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Crystallization Problems

2. Consider a crystallization of sulfanilamide in which 10 mL of hot 95% ethyl alcohol is added to 0.10g of impure sulfanilamide. After the solid has dissolved, the solution is cooled to room temperature and then placed in an ice-water bath. No crystals formed, even after scratching with a glass rod. Explain why this crystallization failed. What would you have to do at this point to make the crystallization work?
3. Benzyl alcohol (bp 205 degrees Celsius) was selected by a student to crystallize fluorenol (mp 153-154 degrees Celsius) because the solubility characteristics of this solvent were appropriate. However, this solvent is not a good choice. Explain.
4. A student performs a crystallization on an impure sample of biphenyl. The sample weighs 0.5 g and contains about 5% impurity. Based on his knowledge of solubility, the student decides to use benzene as the solvent. After crystallization, the crystals are dried and the final weight is found to be 0.02 g. Assume that all steps in the crystallization are performed correctly; there are no spills, and the student lost very little solid on any glassware or in any of the transfers. Why is the recovery so low?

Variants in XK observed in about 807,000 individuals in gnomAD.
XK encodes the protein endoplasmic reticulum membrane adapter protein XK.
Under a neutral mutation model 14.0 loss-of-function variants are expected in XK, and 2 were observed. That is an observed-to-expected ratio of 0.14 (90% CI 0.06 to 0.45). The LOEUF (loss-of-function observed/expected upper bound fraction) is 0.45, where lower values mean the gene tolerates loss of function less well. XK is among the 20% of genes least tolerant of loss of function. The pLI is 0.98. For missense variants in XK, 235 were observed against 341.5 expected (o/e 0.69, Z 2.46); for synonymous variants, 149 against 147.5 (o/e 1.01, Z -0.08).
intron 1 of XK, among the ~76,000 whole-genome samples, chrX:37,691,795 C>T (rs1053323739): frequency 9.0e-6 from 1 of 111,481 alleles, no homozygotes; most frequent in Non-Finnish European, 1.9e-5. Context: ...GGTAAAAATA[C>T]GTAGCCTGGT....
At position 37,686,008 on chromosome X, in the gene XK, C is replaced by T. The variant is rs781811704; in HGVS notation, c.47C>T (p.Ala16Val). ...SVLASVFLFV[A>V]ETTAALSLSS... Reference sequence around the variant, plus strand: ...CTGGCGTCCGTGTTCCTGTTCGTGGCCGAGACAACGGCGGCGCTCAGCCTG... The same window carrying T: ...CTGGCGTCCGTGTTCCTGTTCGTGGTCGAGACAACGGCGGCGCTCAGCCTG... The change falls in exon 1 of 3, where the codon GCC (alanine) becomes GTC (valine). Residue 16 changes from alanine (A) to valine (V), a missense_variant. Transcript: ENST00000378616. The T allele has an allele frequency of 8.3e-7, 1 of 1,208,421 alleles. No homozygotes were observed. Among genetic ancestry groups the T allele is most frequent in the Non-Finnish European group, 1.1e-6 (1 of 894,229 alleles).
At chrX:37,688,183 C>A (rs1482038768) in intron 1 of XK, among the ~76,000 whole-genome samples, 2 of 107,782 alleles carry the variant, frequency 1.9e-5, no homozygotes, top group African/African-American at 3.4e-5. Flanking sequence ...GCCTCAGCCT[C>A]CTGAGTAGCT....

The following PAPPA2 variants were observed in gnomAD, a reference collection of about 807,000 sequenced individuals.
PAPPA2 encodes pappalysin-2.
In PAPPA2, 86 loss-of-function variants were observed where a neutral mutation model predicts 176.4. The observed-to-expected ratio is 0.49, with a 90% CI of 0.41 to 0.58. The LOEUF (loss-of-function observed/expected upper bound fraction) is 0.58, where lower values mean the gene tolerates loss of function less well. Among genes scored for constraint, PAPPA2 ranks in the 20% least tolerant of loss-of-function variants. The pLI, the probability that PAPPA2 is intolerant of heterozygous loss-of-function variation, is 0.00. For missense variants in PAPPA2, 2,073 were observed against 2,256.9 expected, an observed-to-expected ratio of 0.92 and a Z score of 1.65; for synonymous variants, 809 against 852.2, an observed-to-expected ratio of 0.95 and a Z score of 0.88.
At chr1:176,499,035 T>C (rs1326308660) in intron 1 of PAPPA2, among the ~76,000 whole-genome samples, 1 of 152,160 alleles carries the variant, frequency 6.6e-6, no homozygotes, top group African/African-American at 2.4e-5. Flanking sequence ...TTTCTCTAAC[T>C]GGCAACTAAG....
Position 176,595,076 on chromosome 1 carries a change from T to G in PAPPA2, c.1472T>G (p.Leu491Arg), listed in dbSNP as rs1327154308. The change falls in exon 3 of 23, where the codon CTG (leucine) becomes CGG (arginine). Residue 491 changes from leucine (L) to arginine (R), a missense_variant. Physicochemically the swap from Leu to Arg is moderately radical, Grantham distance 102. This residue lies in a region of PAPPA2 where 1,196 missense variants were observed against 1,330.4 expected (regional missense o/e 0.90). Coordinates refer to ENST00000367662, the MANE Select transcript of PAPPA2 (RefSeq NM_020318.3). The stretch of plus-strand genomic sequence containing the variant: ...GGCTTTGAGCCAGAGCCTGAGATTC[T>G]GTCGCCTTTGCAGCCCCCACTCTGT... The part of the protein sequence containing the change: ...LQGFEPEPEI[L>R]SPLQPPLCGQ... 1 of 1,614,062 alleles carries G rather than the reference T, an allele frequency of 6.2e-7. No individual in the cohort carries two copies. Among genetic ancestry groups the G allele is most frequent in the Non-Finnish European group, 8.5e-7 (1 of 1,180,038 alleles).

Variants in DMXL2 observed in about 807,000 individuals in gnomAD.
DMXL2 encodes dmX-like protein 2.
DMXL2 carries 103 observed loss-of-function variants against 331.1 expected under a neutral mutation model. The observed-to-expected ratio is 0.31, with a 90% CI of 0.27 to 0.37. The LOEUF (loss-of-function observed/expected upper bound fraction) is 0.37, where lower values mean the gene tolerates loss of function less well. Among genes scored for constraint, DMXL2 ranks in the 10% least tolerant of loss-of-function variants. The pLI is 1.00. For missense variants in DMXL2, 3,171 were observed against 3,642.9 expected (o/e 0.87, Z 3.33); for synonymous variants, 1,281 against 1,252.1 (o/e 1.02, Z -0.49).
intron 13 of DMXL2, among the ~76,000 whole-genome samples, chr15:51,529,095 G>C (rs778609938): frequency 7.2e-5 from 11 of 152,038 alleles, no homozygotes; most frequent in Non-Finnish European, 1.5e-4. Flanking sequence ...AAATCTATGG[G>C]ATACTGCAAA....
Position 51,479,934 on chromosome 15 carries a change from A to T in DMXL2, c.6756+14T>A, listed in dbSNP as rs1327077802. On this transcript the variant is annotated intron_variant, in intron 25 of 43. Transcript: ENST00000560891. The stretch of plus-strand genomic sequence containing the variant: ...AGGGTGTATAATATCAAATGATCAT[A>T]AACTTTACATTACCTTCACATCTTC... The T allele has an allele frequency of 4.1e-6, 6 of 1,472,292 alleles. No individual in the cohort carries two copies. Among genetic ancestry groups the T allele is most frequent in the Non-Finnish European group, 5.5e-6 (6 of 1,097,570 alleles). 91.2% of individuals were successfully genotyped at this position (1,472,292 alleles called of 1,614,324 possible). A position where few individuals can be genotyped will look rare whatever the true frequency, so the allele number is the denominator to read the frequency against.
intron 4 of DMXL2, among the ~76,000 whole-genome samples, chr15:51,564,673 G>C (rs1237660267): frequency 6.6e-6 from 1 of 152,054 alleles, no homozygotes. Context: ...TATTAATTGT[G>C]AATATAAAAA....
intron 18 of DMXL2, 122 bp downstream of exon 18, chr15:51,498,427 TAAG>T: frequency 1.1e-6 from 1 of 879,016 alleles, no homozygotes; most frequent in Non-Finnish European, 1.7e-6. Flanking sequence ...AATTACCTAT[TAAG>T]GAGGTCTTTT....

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2. The idea of recrystallization requires to make a hot saturated solution of the solute in solvent. Only when you have a saturated solution the solute will crystallize out when the solution is cold. Here, since 10 mL of hot 95% ethanol is used for 0.1g of sulfanilamide hence the solution is not saturated, and so no crystallization takes place. If the hot solution can be concentrated ...

Solution Summary

This solution gives explanations for various questions involving crystallization.

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